It’s my own fault, really. The disappointment I felt was exactly what I set myself up for.
I had big news to share. I was prepared for the recipient to become filled with emotion, lost for words, and suspended in the magic of the moment, in need of a tissue to wipe the tears away. Basically I needed them to react as I would have. But they didn’t.
I felt totally deflated. And a little embarrassed. But it felt better to just get mad. Super grown up, huh?
Have you ever rehearsed a scenario in your mind, to epic Hollywood proportions, only to have it play out in the most underwhelmingly normal way?
I tend to attach so much of my emotional wellness to other people’s behavior. I set expectations that are nearly impossible for others to uphold… even if they knew what they were.
Essentially: my expectations are ruining my expectations.
The Big Shock
I learned in my early adult life (and still grapple with it daily) that much to my chagrin, people do not wake up in the morning with their focus on meeting my expectations. Not only do they not read my mind, they fail to meet my needs they never knew about. THE NERVE OF PEOPLE.
A giant part of the personal work I have to do daily on emotional management stems from the realization that I can set some pretty unrealistic – and unfair – expectations of people in my life. Particularly the people closest to me.
To my credit, I don’t think this is completely unfair. Some of our basic human needs are to feel loved, heard, safe, and supported. (see Maslow’s Hierarchy of Needs diagram below, with a critical current-day adjustment)
It’s natural to expect that those closest to us (spouse, parents, closest friends) would provide those basic needs. And mostly, they do. But surprise – they are human. Just like us. And by nature, we tend towards selfishness, self-centeredness, closed-mindedness, and preference of our own needs over those of others.
Find peace by releasing unrealistic expectations
Rule #1: Get realistic with your expectations
Ask yourself: would I be willing to do/be this for someone else? If the answer is yes, the next question becomes: is it really fair for me to ask this person to do/be this for me? **Most of the time, I tend to set some very lofty expectations that are in no way fair or attainable. It is not my spouse’s job to make me happy. That is my responsibility. Also important: releasing myself from unrealistic expectations. I am not Wonder Woman, I cannot (and should not) be all things to all people, my health and wellness need protection, and the world is not going to stop turning on its axis if I say “no” to an activity that will overextend me. I cannot release anyone else from unrealistic expectations if I can’t release myself first.
Rule #2: Communicate your expectations
Nobody can meet your expectations if they don’t know what they are. Typically the way I realize what my expectations were, is when someone has failed to meet them. Ooops. Totally my fault for a) setting something unrealistic, and b) failing to communicate them in the first place. You can’t hit a target that isn’t there. (Men have even more difficulty aiming for vague or invisible targets. We can help them better by drawing the target big and bold.)
Rule #3: Address when your expectations aren’t met, and affirm when they are
If I feel let down, I owe it to the other person – and mostly to myself – to bring it to the table. I cannot control their reaction or even if they’re willing to discuss it at all. But bottling it up serves no one. Take a deep breath and say the words.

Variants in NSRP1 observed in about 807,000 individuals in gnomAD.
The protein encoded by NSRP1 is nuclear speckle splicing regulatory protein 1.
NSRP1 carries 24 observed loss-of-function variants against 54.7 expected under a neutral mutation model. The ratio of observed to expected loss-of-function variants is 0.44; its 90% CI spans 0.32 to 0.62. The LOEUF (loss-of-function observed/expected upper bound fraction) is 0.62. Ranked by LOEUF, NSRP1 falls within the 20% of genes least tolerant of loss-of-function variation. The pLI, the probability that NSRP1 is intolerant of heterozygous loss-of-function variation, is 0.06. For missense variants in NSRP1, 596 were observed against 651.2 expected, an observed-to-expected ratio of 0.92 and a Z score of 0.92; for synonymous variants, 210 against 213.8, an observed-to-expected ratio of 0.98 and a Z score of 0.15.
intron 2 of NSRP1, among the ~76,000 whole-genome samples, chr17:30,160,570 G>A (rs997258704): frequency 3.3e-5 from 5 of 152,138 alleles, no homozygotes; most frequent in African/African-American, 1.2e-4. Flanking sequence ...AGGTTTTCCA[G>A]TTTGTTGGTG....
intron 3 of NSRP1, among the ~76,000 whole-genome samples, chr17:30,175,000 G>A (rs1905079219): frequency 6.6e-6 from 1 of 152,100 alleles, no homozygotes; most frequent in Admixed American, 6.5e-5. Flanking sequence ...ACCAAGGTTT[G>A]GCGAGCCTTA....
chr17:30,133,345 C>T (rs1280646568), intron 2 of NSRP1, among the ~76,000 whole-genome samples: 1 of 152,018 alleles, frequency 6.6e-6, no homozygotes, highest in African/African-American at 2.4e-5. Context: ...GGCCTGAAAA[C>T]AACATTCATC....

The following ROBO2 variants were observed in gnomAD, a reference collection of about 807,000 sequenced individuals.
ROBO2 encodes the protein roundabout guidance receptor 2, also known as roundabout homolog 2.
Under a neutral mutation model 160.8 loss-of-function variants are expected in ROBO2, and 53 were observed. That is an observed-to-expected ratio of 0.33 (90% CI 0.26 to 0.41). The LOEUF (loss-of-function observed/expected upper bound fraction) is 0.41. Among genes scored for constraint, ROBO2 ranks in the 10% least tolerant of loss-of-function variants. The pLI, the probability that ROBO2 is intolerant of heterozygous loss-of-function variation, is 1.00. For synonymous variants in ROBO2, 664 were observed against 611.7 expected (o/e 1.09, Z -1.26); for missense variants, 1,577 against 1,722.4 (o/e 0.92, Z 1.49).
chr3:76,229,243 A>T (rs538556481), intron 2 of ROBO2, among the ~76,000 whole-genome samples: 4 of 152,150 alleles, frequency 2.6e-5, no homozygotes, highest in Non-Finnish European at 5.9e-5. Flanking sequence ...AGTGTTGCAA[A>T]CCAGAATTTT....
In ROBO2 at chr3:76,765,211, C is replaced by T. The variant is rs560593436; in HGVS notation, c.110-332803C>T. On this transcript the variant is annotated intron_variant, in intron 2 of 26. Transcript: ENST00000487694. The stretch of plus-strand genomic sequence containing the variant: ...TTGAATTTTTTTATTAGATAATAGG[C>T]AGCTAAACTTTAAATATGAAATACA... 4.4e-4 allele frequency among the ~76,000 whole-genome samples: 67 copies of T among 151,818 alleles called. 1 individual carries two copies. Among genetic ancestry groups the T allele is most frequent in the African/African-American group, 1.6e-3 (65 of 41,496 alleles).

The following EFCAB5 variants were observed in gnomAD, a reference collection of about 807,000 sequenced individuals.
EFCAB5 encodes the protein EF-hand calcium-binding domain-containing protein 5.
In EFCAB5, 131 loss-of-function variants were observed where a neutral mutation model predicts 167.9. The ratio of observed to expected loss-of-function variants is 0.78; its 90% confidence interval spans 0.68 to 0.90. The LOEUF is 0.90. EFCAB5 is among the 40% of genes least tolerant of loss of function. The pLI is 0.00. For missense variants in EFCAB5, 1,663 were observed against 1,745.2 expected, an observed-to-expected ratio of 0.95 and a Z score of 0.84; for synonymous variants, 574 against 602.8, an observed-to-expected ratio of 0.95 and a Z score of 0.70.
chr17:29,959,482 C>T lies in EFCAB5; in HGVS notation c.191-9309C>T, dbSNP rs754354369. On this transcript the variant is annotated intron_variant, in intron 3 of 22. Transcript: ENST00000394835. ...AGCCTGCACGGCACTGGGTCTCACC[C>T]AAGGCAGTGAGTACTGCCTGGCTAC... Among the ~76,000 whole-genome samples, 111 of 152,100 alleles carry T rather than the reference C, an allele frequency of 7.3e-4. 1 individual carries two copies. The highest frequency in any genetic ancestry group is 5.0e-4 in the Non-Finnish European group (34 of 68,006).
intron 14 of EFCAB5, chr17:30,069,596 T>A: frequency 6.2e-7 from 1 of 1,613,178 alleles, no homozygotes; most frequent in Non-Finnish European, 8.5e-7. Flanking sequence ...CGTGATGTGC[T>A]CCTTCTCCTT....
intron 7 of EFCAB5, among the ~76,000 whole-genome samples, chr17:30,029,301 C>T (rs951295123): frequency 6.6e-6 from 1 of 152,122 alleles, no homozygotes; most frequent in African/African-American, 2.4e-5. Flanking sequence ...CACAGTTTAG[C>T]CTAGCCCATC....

More fun that that conversation? Thanking and affirming someone for exceeding your expectations and making you feel like a million bucks. Praise when things go well is so much more empowering than criticism when they don’t.
The Most Important Rule: Detach your emotions from your expectations
I realize the screenwriter/director/actress in my mind is much more dramatic than the average person, and she sets me up for frustration over and over unless I keep her in check. She needs relationships to be filled with sweeping action, grand encounters, to-the-threshold emotions, and meaningful everything.
Real life is just not so. In real life, relationships are messy and people are just doing the best they can. And they are not here to serve my (mostly selfish) needs. When I base my emotional wellness on my expectations of someone else’s behavior, I am almost guaranteeing that I will feel let down.
I’ll pout and never say anything, then build up my guts again for the next time, and feel let down, and pout, and build up, etc. You see this cycle. Zoom goes the rollercoaster… and boom goes the dynamite.
But I have the power to stop it by releasing unrealistic expectations!!!
Congratulations, you’re off the hook
We use the phrase frequently, learned from a friend: Congratulations, you’re off the hook! My happiness (wellness, joy, fulfillment, attitude, etc.) is up to me. Especially with small children in the house, we repeat the lesson constantly that it does not matter what so-and-so did to me. What matters is how I respond to it. One person does not have the power to make or break my day.
People will always disappoint you if you set an invisible target they can never hit. And truthfully, the only expectations I ever feel good setting are the ones I set and hold for myself. And even some of those tend to be unfair.
Perhaps instead of setting each other up for failure we are here to help each other… and give each other grace while we all try to figure out how to be better humans. I always feel more peace when I come back to this. And the first step is softening my heart towards the people I’m most frustrated with. I can’t love someone when I’m judging them. And when I’m constantly keeping score in The Game Of Unmet Expectations, I can’t help but judge.
Let’s release the ones we love from the expectations that drive a wedge between us. Maybe in doing so, they’ll release us too.